In my beginning is my end

I love TS Eliot’s eloquent line from East Coker (The Four Quartets) – the melancholy in it is balanced and weighed and there is an inevitability about it which I find appealing.

Eliot’s elegant summary of the trajectory of a human life can also be applied to the development of a story. Integrated into all the elements that you assemble at start of a book should be a suggestion of where the narrative might end, or at least an indication of the direction of travel. I’m not suggesting that you give away too much, but I think it’s very important in your opening paragraphs that you let the reader know the kind of ground that you will be covering, at least in terms of genre: it should be obvious from the outset whether you are writing romantic fiction or a thriller. If you open your book with a dramatic event which begs several questions, not only will it draw the reader into your story, but it suggests a kind of competence and authority that will help to reassure them that you know your craft and it will be worth then investing valuable time in finding out what happens next.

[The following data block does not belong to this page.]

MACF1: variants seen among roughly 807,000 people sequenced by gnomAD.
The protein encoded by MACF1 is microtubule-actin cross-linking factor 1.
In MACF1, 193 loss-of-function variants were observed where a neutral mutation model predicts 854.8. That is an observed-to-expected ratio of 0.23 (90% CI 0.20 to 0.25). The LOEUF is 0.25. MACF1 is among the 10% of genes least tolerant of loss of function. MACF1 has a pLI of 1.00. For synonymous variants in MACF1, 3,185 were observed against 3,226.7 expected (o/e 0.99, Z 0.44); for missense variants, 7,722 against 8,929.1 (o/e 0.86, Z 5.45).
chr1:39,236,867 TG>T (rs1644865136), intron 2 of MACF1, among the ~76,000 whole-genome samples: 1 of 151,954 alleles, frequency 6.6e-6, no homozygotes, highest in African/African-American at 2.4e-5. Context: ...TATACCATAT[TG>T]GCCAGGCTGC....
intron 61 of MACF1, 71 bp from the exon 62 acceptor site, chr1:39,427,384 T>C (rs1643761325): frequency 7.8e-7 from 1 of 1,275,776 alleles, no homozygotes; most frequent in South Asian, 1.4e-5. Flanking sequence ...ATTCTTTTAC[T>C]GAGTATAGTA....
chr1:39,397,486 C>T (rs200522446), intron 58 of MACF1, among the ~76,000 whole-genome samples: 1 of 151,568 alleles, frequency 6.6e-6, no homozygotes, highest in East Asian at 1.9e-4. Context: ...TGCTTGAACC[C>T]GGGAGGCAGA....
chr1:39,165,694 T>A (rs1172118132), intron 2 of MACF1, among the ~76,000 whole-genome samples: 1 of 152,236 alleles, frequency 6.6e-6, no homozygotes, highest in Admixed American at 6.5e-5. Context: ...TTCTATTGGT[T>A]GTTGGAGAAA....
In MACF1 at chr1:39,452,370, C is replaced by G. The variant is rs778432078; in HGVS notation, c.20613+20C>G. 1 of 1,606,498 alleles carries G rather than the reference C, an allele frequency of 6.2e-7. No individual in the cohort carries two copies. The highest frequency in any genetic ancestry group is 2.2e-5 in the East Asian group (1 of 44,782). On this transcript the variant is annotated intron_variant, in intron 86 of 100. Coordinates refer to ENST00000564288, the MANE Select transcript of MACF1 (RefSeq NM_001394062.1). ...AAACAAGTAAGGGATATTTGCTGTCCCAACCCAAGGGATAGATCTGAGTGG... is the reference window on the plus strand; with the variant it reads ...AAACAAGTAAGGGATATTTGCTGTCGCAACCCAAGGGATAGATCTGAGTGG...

If you want an example of what I mean, read the beginning of Thomas Hardy’s The Mayor of Casterbridge where, after a bout of drinking, Michael Henchard sells his wife and daughter to a passing sailor in a defining moment which dictates the course of subsequent events.

In a well-crafted narrative all the seeds of the story will be evident in the opening: character, style, genre and the suggestion of a plot. If your beginning is well-conceived and integrated, you won’t have too resort to clunking expediency later on, the only kind of surprises lying in wait for your reader will be the right kind.

In my beginning is my end…